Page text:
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Dallas, Texas, United States

Saturday, March 21, 2020

Seven at Sea

I just finished reading the book Seven at Sea by Erik and Emily Orton in which parents describe their adventures sailing with their five children.  Stressed out by the struggle to get by in the big city, the family takes off for a year in the cruising catamaran Fezywig.  They later return to the comforts of home but then continue to seek escape as summarized in the epilogue.

It was an interesting contrast with another cruising family that I have been watching on YouTube, the crew of Zatara.  Recently I had a chance to attend a meet-and-greet event with the Sailing Zatara family in Flower Mound, Texas.  You can see me briefly in the background of their latest video.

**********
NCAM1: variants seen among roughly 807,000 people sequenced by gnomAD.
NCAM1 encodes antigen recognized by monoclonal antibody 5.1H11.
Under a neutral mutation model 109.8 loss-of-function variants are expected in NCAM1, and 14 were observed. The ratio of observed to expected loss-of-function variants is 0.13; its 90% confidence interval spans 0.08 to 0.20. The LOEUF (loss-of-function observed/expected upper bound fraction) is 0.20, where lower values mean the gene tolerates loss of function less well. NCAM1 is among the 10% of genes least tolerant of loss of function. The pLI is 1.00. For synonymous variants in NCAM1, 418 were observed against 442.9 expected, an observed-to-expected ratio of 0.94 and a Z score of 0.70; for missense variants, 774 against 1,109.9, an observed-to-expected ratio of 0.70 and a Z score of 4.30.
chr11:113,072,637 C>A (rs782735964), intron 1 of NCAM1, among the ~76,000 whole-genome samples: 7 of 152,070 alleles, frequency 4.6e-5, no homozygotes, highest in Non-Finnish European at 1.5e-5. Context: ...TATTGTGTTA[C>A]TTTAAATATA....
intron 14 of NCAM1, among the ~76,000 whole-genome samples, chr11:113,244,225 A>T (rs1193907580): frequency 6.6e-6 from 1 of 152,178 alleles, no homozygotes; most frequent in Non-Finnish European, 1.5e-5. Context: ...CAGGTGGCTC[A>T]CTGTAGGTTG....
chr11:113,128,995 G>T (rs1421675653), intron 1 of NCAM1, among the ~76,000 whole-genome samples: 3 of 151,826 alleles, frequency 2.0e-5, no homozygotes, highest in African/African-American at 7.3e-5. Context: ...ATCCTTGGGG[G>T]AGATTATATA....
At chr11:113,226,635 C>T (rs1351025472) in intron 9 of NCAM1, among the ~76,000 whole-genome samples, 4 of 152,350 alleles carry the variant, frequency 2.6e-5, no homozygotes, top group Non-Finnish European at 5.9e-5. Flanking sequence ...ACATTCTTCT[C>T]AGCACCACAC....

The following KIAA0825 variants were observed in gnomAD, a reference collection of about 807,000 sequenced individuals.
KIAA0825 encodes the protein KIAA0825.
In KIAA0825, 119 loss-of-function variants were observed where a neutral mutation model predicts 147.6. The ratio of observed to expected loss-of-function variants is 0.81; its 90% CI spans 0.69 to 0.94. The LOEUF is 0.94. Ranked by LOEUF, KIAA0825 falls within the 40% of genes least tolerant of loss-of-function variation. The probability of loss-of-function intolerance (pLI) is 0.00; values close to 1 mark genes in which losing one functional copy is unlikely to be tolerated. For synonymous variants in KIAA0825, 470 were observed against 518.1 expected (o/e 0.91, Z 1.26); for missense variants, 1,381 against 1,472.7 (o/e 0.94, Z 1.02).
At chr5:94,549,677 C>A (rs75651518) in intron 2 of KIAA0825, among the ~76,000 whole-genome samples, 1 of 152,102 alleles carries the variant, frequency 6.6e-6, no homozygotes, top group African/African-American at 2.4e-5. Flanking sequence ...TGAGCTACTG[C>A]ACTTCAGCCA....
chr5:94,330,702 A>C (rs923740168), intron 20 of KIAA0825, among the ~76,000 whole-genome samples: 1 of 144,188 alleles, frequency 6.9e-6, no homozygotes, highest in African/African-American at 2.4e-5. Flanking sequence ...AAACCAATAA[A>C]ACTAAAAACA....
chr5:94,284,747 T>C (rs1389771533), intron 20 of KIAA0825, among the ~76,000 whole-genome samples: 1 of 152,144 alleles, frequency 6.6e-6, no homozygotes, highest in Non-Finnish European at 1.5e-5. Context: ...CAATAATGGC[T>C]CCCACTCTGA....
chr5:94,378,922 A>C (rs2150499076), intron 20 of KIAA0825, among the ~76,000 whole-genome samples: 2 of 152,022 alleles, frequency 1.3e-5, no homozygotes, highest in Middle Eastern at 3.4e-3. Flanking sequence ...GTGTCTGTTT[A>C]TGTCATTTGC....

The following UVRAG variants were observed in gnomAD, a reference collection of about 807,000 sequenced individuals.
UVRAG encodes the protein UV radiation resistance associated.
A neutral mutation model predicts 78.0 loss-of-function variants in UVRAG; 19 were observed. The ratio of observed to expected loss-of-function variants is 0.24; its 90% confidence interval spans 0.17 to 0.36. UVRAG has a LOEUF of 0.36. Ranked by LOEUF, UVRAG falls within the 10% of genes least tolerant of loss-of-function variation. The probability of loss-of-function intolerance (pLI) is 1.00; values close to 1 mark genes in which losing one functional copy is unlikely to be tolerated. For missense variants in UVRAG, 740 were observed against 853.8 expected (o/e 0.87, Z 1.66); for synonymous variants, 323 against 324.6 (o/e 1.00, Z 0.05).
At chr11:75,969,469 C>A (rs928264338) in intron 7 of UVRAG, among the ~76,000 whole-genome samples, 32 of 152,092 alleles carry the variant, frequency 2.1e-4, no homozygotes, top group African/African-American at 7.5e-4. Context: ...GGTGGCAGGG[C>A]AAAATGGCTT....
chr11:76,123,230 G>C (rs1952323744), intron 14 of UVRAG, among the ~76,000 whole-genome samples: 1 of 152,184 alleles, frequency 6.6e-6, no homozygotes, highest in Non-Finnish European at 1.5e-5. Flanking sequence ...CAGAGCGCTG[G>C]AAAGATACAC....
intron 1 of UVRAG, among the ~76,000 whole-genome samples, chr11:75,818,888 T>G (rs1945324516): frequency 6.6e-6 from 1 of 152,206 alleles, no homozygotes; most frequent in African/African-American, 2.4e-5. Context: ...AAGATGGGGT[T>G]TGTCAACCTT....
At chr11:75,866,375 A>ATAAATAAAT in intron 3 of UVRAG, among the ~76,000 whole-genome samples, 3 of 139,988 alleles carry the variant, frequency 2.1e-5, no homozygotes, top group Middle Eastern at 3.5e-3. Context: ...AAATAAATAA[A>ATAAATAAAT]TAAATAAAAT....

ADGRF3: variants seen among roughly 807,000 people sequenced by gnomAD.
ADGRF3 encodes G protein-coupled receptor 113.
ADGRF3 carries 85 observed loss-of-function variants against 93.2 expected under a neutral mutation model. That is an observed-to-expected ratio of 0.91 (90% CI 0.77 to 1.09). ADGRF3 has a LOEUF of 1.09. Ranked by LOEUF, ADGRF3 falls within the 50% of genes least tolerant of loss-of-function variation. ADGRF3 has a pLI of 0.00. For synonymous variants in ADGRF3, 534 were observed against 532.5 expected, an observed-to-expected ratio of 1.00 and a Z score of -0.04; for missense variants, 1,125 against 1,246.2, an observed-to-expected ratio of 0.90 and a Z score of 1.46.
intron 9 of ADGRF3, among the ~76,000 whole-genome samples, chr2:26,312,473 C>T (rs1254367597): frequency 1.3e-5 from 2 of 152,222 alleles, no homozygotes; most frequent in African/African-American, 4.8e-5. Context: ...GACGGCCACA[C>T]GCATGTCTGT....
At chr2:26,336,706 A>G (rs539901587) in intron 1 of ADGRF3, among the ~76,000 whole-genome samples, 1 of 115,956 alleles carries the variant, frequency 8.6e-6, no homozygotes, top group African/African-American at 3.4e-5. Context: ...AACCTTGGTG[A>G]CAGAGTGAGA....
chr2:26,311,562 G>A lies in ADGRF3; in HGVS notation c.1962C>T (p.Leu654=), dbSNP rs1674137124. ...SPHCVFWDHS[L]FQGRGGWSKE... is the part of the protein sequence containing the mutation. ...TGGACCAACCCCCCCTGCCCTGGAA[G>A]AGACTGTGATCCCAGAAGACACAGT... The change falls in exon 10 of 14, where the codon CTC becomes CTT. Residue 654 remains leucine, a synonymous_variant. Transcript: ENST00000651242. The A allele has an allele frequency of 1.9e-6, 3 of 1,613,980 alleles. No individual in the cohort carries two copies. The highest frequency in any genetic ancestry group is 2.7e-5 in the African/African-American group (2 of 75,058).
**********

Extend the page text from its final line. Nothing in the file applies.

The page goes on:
The main difference between the two crews is how much money they had to spend for their journeys.  For Fezywig, the trip was a temporary respite which left them financially drained.  For Zatara, going back to land is just a vacation from their vacation because they are enjoying a well-funded early retirement.

The main similarity is how the fathers were stressed out by their careers and craved more time with their families while their children were still young.  These fathers sought the refuge of blue space.  I also see this in the first few minutes of the first episode of Travels by Narrowboat in which a man describes the burnout that is his life and then enthuses about gliding away from it all.